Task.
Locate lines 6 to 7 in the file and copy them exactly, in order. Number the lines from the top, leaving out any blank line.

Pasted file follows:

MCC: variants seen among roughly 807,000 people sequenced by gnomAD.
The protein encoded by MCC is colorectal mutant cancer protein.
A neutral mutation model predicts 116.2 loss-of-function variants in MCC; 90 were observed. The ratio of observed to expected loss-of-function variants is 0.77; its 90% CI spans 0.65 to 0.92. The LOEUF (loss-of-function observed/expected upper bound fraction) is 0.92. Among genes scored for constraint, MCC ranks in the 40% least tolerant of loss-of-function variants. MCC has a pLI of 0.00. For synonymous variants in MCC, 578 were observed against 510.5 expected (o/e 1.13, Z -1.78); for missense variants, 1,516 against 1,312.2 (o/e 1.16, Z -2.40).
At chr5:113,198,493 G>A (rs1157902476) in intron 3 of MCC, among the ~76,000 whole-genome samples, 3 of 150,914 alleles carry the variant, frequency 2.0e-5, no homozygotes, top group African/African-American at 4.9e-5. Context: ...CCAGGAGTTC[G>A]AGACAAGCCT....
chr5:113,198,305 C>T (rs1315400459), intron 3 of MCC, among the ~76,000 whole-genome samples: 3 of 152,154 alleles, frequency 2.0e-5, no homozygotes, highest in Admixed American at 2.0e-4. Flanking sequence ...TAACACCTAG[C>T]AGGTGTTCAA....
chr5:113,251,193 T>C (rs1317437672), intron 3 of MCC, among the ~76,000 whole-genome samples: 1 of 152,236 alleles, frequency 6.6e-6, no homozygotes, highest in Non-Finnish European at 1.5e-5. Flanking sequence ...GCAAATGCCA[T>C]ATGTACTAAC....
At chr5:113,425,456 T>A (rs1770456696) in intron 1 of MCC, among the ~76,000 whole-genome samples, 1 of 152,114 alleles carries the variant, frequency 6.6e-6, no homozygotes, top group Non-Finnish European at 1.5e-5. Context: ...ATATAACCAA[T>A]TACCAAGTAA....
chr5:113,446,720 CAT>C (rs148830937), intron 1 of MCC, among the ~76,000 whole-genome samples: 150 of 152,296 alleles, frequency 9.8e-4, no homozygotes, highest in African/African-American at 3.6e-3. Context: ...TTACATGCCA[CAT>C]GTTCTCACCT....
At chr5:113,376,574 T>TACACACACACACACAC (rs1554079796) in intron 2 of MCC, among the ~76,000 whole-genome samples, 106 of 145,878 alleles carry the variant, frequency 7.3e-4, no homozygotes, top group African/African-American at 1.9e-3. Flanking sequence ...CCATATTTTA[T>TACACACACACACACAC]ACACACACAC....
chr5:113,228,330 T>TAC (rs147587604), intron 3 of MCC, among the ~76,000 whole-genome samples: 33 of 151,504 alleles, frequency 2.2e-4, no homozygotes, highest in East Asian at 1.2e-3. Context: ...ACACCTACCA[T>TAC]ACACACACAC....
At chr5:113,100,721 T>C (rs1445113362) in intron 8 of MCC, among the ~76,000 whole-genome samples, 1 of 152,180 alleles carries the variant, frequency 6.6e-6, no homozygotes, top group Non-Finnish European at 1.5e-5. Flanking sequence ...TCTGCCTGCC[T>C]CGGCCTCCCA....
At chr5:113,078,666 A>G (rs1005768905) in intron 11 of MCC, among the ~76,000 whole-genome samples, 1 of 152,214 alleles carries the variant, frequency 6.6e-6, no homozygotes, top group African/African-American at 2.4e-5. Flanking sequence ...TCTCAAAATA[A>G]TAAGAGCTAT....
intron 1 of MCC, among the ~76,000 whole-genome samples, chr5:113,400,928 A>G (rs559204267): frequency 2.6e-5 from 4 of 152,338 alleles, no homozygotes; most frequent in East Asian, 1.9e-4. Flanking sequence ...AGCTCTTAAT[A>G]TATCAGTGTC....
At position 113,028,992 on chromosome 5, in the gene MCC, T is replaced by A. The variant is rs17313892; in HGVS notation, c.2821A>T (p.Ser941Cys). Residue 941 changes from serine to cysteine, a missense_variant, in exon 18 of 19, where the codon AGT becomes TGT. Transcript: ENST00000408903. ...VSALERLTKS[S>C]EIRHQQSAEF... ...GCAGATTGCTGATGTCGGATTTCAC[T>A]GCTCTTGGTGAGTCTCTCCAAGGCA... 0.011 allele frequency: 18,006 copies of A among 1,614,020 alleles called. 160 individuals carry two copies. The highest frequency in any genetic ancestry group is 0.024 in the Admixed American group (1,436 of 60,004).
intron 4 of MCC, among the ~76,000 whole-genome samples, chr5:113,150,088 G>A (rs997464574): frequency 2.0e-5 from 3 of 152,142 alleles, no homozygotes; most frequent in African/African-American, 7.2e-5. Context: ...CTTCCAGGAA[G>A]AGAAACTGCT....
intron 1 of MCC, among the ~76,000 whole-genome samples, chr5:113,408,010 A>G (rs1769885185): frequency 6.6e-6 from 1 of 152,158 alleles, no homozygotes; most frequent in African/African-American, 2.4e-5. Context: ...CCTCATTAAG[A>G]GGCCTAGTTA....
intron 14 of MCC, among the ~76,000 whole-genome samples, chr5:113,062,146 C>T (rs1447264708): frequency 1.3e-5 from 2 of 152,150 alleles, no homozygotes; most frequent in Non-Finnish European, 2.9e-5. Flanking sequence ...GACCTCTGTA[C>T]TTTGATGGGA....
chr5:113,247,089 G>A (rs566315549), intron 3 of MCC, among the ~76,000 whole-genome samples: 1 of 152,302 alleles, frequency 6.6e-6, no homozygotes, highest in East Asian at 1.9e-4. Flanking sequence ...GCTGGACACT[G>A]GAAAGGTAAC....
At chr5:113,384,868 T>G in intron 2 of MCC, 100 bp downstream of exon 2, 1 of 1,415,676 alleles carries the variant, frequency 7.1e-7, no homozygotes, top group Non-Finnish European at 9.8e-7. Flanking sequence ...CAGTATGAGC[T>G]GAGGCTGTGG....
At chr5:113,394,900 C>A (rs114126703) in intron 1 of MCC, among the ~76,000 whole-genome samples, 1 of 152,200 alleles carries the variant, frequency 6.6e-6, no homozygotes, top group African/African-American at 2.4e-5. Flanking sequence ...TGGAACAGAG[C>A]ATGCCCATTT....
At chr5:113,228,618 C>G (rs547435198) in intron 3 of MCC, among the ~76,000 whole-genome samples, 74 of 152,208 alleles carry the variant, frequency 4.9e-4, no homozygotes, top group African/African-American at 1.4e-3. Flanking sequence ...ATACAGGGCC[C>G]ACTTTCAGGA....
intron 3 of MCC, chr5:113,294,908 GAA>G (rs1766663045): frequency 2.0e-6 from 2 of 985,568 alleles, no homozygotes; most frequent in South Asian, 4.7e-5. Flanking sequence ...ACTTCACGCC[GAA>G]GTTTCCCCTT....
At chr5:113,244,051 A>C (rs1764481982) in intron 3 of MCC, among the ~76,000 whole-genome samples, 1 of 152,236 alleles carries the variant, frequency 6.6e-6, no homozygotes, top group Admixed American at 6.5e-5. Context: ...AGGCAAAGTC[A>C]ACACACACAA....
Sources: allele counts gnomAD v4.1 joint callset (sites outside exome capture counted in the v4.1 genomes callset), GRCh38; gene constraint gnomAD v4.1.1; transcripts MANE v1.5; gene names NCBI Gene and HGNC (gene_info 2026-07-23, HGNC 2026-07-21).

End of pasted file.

chr5:113,251,193 T>C (rs1317437672), intron 3 of MCC, among the ~76,000 whole-genome samples: 1 of 152,236 alleles, frequency 6.6e-6, no homozygotes, highest in Non-Finnish European at 1.5e-5. Flanking sequence ...GCAAATGCCA[T>C]ATGTACTAAC....
At chr5:113,425,456 T>A (rs1770456696) in intron 1 of MCC, among the ~76,000 whole-genome samples, 1 of 152,114 alleles carries the variant, frequency 6.6e-6, no homozygotes, top group Non-Finnish European at 1.5e-5. Context: ...ATATAACCAA[T>A]TACCAAGTAA....